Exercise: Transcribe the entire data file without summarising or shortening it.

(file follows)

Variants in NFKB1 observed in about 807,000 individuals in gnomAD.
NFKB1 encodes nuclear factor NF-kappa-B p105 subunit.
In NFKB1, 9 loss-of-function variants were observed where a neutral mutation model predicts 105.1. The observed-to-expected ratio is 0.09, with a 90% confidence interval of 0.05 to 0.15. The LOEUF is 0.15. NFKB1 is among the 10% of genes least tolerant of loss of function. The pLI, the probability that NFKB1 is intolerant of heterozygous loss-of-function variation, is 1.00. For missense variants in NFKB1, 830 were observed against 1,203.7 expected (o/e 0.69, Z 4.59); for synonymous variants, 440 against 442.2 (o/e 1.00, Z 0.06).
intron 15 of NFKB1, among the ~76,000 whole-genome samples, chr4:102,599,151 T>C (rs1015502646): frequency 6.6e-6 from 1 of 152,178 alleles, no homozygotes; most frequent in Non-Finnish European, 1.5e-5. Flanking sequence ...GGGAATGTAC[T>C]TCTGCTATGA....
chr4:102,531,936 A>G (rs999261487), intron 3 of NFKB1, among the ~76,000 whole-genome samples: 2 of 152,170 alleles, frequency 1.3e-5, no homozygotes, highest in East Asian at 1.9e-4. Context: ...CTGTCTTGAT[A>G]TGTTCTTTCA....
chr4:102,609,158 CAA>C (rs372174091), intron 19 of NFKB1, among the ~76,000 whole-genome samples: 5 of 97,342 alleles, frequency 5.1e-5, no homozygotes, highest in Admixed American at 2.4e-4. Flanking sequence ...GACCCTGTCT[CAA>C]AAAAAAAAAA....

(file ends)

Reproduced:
Variants in NFKB1 observed in about 807,000 individuals in gnomAD.
NFKB1 encodes nuclear factor NF-kappa-B p105 subunit.
In NFKB1, 9 loss-of-function variants were observed where a neutral mutation model predicts 105.1. The observed-to-expected ratio is 0.09, with a 90% confidence interval of 0.05 to 0.15. The LOEUF is 0.15. NFKB1 is among the 10% of genes least tolerant of loss of function. The pLI, the probability that NFKB1 is intolerant of heterozygous loss-of-function variation, is 1.00. For missense variants in NFKB1, 830 were observed against 1,203.7 expected (o/e 0.69, Z 4.59); for synonymous variants, 440 against 442.2 (o/e 1.00, Z 0.06).
intron 15 of NFKB1, among the ~76,000 whole-genome samples, chr4:102,599,151 T>C (rs1015502646): frequency 6.6e-6 from 1 of 152,178 alleles, no homozygotes; most frequent in Non-Finnish European, 1.5e-5. Flanking sequence ...GGGAATGTAC[T>C]TCTGCTATGA....
chr4:102,531,936 A>G (rs999261487), intron 3 of NFKB1, among the ~76,000 whole-genome samples: 2 of 152,170 alleles, frequency 1.3e-5, no homozygotes, highest in East Asian at 1.9e-4. Context: ...CTGTCTTGAT[A>G]TGTTCTTTCA....
chr4:102,609,158 CAA>C (rs372174091), intron 19 of NFKB1, among the ~76,000 whole-genome samples: 5 of 97,342 alleles, frequency 5.1e-5, no homozygotes, highest in Admixed American at 2.4e-4. Flanking sequence ...GACCCTGTCT[CAA>C]AAAAAAAAAA....